One of the country’s leading community housing providers is continuing to develop its plans to eliminate the digital inequity for ŌCHT housing tenants living in Christchurch.
Over the last two weeks during the Covid lockdown, the Ōtautahi Community Housing Trust has been phoning tenants to talk with them about which devices they use, what they use the internet for, and how having access to high-speed (fibre) internet would help them in their lives?
ŌCHT Tenancy Relations Manager, James Hadlee, who is managing the Digital Equity Programme, says the team has connected with about 60% of tenants and once the country moves to Level 2, the Trust will door knock those they haven’t been able to reach by phone.
“We are preparing for the official approval of this partnership between Enable and ŌCHT which would see free fibre internet in our tenants’ homes. Lockdown has been a perfect opportunity to contact our tenants to get and give more information. Something that we’ve heard from them is that lockdown isolation is one of the challenges that better access to high-speed internet would help address. Those who live on their own are telling us they would feel less alone with internet connectivity, as well as having access to online grocery delivery and other web-based services – of particular importance when our movement is limited,” he says.
The information the team is gathering will contribute to building a new education service that’ll support people to confidently use their devices and make the most of the online world.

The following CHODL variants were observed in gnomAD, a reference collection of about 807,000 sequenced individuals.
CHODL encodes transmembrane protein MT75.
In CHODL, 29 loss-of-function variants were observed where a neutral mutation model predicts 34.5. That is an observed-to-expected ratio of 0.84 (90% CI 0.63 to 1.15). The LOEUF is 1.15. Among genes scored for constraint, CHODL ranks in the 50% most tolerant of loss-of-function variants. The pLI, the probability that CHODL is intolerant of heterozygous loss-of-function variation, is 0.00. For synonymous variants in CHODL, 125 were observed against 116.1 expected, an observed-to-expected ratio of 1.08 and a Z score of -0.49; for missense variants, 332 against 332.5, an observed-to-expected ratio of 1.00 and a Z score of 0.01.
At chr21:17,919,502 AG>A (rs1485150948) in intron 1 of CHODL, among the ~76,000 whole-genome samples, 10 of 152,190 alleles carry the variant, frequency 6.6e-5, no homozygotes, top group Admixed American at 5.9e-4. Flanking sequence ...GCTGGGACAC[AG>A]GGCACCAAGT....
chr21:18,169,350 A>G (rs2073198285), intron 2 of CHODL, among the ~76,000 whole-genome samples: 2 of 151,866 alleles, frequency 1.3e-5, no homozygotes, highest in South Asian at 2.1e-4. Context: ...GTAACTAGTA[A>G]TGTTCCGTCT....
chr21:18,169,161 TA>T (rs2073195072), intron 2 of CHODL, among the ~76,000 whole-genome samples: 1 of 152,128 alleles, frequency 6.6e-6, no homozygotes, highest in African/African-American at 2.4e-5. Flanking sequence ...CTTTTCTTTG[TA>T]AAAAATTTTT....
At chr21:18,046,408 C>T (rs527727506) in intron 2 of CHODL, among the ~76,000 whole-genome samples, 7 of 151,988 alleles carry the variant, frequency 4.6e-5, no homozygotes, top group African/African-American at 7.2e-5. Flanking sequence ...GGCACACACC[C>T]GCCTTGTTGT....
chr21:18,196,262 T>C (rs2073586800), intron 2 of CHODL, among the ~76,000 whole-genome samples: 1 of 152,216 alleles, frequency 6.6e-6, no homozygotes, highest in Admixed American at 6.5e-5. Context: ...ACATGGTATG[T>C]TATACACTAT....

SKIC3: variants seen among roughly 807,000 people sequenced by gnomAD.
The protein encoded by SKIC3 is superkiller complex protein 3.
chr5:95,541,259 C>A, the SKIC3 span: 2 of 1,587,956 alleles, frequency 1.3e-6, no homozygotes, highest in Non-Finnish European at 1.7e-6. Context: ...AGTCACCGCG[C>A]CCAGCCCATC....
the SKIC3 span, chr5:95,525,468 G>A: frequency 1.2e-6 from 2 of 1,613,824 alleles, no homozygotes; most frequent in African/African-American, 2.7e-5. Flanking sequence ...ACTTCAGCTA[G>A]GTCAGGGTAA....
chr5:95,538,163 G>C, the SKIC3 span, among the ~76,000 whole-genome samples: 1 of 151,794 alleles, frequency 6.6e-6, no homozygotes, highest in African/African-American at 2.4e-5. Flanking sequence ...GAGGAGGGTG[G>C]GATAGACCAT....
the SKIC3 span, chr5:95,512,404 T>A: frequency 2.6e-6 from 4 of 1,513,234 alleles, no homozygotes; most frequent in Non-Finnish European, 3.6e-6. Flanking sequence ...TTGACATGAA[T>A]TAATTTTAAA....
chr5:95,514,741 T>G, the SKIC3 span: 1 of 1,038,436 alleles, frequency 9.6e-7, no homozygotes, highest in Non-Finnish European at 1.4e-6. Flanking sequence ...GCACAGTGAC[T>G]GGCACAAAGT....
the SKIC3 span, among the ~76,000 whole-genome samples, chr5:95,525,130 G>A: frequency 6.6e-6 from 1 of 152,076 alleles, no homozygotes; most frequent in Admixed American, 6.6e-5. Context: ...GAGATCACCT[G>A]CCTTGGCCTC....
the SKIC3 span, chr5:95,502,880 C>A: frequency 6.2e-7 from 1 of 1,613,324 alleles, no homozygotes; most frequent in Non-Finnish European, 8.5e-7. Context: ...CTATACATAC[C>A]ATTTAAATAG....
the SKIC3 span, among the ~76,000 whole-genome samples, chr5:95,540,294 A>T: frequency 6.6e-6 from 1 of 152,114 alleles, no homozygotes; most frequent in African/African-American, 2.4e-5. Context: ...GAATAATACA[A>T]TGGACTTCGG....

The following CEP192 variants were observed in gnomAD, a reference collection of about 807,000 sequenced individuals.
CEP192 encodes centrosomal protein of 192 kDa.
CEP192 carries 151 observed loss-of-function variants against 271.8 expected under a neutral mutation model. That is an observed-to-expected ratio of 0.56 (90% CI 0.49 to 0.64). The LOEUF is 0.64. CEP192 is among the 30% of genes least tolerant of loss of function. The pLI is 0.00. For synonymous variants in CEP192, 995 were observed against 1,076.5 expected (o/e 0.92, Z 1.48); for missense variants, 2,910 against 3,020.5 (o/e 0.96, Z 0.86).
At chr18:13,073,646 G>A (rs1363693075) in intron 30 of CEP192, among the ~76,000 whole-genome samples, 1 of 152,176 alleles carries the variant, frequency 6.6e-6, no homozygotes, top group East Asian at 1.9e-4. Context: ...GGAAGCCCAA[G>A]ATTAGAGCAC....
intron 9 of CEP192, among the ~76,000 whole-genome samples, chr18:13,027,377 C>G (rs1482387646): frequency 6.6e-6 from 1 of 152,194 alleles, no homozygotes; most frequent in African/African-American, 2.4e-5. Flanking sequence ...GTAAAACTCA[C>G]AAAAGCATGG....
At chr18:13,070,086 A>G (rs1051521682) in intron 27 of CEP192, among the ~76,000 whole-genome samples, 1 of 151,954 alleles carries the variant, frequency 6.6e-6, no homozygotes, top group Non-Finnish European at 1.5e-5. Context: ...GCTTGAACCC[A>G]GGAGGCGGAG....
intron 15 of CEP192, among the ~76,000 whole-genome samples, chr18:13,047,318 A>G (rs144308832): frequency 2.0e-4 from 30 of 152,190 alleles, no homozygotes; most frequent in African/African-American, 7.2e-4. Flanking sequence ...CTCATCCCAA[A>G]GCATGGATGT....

“Doing things that many of us take for granted like being able to navigate websites, set up and use email, use online banking, be safe and secure online, manage passwords, communicate online, install and use useful apps, such as MyMSD, Council Bin Collection app, Metro, Banking apps, Shopping apps, CCC Library (Libby/OverDrive). The proposed free internet service will help tenants enjoy the same benefits as the wider community,” James says.
The ring-around has also confirmed previous survey information that revealed the reason many who don’t have the Internet at home is because they can’t afford it.
“A large number have simple data plans on their mobile phones,” says James. “Cost is an obvious barrier, which is why we’ve also learned 73% of the people we’ve called so far would connect to the new, free fibre broadband service. Half the people we’ve called say they have the skills to use devices and the internet, but 40% say they would be interested in attending free training. Older people tend to be more interested in free digital training,” says James.
Together with the help of Te Wānaga o Aotearoa and its skills programme Kanorau Digital, the training will be undertaken in group sessions in community lounges and other community facilities, and in one-on-one individual sessions for those who need it. ŌCHT is also grateful to the Rātā Foundation for their financial support which has enabled them to engage Digital Coaching Advisor, Joanne Cantrick.